New wisdom: writing priorities

This is the third post in a series of three on the challenges of managing time and priorities. Links here to posts 1 http://storyrevisioned.com/2016/07/08/take-another-look-finding-new-wisdom/

and 2 http://storyrevisioned.com/2016/07/10/new-wisdom-the-struggle-of-time-management-the-power-of-limitations/

Finally, I need to confront another of my recurring realities: my writing schedule is erratic.

I started to write this as my “blogging schedule is erratic,” but I do a lot more writing than just for my blog, and sometimes those different focuses compete, and bend to time pressure from one commitment or other.

So how did something that began as a hobby become a pressure?

Well now…if I could answer that, I could solve a lot of issues for myself, and probably for a lot of others too.

Isn’t this something most of us struggle with? Something that we started voluntarily, something that we chose to take on, takes on a life of its own, and now lives right up there on the list of “must dos.”

So there are really two issues here.

One, I’ve moved writing from a casual thing in my life to something I seriously value, something I’ve elevated above a mere hobby.

I came around to realizing, sometime in the last two years, that I wanted to transition away from the other work I do and focus on writing, over time making it my source of income. So that goal immediately made writing more important and more intentional than hobby-blogging.

I recognized writing and creativity are joyful for me, and again, with intention, I elevated writing from a pastime to an important means of self-expression.

The second issue is just about timing, and staying on track with my self-assigned commitments to a specific number of posts per week, work on a book, a course, or whatever the project may be.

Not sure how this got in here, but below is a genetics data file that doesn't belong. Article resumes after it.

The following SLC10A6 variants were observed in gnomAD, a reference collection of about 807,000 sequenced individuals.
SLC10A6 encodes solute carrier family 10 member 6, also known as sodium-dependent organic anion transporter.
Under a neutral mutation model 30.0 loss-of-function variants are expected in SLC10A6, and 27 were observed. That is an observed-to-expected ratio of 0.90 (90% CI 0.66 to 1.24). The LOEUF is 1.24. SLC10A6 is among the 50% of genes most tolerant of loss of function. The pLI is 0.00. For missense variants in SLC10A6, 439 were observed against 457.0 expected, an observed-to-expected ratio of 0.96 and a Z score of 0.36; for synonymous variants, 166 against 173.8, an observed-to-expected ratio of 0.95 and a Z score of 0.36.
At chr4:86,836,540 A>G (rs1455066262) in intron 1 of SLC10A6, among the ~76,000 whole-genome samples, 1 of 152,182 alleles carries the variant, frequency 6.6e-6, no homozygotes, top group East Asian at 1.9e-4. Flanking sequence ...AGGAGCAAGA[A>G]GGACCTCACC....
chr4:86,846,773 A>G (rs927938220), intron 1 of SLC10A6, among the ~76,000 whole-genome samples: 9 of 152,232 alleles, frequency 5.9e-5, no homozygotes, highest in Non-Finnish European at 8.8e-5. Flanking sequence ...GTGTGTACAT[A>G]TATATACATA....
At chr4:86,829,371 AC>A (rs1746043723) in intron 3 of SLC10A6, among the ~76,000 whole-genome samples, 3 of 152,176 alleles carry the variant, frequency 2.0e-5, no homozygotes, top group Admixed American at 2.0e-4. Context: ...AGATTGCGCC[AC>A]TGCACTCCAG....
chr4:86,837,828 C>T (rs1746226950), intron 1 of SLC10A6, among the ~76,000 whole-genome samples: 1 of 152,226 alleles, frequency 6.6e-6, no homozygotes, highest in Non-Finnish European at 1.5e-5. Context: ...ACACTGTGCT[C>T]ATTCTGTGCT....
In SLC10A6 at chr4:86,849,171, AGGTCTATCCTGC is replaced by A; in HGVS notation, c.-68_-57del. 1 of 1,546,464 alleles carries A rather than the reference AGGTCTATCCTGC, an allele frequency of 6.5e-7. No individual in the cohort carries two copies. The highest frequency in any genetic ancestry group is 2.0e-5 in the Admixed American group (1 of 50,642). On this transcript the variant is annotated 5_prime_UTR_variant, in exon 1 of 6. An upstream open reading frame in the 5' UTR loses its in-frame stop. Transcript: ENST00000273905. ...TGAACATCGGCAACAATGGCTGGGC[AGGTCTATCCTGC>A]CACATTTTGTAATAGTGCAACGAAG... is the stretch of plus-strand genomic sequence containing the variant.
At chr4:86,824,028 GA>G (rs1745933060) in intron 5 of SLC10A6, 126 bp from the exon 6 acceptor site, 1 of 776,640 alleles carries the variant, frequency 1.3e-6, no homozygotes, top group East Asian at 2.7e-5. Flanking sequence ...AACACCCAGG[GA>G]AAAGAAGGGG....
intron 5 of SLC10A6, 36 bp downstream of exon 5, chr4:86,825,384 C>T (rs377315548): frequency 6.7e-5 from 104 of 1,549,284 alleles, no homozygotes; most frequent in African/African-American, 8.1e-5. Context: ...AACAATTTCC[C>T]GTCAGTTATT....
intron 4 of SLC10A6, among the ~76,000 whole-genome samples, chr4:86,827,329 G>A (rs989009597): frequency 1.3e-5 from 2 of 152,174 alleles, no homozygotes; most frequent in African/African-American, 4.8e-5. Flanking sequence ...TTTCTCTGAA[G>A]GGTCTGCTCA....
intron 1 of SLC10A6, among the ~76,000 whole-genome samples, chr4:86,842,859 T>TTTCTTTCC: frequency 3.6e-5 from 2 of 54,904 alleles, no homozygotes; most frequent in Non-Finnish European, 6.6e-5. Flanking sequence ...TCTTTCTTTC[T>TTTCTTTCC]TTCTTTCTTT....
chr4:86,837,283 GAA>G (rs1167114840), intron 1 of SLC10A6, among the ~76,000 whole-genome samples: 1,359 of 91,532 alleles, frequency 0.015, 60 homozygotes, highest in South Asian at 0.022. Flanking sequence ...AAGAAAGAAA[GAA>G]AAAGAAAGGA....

With my best intentions to be regular and disciplined, my work and travel life, which are variable almost every week, keep me off balance when it comes to a regular rhythm of writing. Though writing is always on my agenda, I routinely postpone my time to sit and create, for all the usual reasons: too tired, on the go, lack of focus, the urgent over the important.

So, how can I confront mis-prioritaztion and quit making excuses?

As I continue to grow in the experience of working in non-traditional ways, I take on more and more of the responsibility for setting my schedule, choosing how much and how often to work, and by extension, choosing how much income I’ll have to show for my efforts.

One of my realizations is that writing, even if I’m not earning income from it now, has the potential to change my income if I continue to work at it, and find ways to grow readership and offerings.

And that means I need to take it seriously, both as a means of self-expression, and as a work-in-progress toward income stream. I’ve had this goal for a while, but I haven’t really been seeing it as a motive to stay focused.

I’ve been saying I wanted to grow an income from my writing, and I’ve been working toward that in some ways…writing books and putting them on Amazon, launching this site with a goal of growing a community from it.

But though I’ve done a number of things to work toward my goal in a serious way, I haven’t gone all the way. I haven’t treated my writing as seriously as I would treat another work commitment.